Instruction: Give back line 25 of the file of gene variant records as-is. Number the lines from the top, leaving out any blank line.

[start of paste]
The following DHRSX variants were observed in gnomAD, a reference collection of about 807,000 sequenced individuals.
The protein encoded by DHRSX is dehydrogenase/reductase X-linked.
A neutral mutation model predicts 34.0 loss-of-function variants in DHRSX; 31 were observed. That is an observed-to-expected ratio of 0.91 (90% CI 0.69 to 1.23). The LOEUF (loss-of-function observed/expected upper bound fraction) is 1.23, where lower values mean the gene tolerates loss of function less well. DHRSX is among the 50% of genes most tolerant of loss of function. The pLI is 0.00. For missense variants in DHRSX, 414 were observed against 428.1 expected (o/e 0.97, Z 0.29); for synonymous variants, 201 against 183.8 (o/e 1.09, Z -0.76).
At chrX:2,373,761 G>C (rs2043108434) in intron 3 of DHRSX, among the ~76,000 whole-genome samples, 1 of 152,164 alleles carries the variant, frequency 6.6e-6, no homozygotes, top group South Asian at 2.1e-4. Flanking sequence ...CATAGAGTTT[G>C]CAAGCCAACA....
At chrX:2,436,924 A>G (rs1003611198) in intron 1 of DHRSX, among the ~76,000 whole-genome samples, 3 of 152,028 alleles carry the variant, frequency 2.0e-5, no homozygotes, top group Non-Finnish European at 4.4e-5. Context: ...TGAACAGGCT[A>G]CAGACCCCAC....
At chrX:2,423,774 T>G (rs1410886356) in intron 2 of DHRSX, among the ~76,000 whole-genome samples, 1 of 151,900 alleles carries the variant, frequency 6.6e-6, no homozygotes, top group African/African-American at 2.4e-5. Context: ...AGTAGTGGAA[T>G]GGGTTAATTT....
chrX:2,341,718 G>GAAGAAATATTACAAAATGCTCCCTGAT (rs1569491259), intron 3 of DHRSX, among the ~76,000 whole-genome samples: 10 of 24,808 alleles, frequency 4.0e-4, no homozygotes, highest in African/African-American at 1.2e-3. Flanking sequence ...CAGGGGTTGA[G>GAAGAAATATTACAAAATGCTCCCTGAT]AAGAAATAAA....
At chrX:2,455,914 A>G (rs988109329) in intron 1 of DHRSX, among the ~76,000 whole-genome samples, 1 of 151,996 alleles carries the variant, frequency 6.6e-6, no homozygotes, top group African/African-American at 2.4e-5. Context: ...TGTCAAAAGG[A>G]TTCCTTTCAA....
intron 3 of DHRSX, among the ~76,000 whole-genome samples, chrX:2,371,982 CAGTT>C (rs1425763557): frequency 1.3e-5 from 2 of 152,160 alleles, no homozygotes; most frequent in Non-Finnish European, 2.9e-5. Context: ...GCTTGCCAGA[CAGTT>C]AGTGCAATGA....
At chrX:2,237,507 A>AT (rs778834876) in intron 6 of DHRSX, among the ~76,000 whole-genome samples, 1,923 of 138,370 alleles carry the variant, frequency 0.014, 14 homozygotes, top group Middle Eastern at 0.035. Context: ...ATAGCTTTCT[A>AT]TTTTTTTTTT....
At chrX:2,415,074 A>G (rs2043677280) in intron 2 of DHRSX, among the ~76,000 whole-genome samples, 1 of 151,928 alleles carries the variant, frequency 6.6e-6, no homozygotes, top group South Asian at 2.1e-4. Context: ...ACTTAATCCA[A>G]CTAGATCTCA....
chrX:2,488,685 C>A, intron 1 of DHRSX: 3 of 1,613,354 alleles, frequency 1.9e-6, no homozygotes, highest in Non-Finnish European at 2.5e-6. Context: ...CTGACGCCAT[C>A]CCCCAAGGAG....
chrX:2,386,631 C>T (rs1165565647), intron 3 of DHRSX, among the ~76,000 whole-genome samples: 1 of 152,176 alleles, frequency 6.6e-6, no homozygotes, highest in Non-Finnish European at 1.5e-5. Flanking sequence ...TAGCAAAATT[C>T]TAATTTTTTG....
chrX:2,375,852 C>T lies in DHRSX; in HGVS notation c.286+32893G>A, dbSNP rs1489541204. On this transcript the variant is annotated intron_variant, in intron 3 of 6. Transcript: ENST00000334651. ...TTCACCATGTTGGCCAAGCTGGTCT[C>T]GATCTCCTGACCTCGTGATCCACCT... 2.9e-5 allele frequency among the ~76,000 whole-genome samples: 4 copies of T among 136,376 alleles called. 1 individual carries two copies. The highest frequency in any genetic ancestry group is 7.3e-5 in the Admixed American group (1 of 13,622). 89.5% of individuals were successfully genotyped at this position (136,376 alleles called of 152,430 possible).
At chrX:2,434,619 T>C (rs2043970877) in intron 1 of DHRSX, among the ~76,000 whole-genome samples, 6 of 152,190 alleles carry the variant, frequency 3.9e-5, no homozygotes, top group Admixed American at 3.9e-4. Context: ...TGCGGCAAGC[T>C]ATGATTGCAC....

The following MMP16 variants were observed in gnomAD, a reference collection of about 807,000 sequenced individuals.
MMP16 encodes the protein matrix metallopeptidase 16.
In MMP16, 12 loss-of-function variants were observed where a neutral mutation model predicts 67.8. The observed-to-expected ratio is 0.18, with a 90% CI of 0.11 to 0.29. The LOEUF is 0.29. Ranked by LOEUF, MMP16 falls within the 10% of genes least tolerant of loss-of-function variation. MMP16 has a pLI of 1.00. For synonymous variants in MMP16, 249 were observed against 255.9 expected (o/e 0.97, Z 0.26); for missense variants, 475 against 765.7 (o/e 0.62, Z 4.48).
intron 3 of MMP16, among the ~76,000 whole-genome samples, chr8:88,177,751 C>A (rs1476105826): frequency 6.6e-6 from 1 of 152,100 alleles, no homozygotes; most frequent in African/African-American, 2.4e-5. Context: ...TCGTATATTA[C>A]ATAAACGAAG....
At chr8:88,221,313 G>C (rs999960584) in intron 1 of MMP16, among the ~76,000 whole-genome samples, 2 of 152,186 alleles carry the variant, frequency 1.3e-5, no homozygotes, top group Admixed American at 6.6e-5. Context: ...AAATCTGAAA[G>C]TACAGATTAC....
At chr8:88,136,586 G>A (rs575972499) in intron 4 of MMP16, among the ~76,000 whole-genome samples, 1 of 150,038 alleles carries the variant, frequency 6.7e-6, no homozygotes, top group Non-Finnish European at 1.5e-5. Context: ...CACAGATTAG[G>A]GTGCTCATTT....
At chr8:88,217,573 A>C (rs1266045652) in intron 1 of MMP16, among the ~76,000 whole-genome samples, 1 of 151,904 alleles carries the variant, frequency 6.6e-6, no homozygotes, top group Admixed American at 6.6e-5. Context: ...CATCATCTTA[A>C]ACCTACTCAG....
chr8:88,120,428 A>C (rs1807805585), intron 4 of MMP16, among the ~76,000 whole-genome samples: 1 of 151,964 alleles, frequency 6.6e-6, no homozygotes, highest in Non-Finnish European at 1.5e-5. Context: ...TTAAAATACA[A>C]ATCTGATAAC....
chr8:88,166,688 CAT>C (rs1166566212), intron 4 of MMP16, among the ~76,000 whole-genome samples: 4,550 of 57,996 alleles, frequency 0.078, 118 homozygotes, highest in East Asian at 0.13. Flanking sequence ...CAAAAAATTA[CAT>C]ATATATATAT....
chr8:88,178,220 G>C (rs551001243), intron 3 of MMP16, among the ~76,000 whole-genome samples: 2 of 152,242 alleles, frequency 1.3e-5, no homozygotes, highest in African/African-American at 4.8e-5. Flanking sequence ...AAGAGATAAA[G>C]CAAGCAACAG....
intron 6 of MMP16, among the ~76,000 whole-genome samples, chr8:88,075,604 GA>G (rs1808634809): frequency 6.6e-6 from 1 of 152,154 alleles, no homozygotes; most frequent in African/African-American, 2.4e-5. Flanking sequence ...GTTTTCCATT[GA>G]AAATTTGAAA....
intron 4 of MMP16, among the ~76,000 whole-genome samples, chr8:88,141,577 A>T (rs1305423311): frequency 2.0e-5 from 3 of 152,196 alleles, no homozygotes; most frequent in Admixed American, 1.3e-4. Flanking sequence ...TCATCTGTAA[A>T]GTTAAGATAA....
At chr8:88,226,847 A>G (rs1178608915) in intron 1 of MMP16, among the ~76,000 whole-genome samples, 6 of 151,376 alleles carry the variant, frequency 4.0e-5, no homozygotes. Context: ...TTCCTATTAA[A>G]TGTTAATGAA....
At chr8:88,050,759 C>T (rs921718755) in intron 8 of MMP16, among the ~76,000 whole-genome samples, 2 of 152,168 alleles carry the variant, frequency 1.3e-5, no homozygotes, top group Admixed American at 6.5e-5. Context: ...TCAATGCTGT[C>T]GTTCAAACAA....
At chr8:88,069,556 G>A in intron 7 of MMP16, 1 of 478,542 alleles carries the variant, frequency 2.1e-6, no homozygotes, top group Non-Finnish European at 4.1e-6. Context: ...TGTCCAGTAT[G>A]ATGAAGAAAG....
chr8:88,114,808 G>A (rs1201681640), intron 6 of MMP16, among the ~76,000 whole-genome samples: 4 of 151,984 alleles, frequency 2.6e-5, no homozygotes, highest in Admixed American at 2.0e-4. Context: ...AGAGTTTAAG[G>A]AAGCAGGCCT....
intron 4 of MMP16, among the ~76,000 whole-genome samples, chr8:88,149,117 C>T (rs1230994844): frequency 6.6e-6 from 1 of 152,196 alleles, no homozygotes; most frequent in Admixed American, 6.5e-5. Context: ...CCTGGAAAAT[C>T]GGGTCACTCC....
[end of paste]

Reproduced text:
chr8:88,178,220 G>C (rs551001243), intron 3 of MMP16, among the ~76,000 whole-genome samples: 2 of 152,242 alleles, frequency 1.3e-5, no homozygotes, highest in African/African-American at 4.8e-5. Flanking sequence ...AAGAGATAAA[G>C]CAAGCAACAG....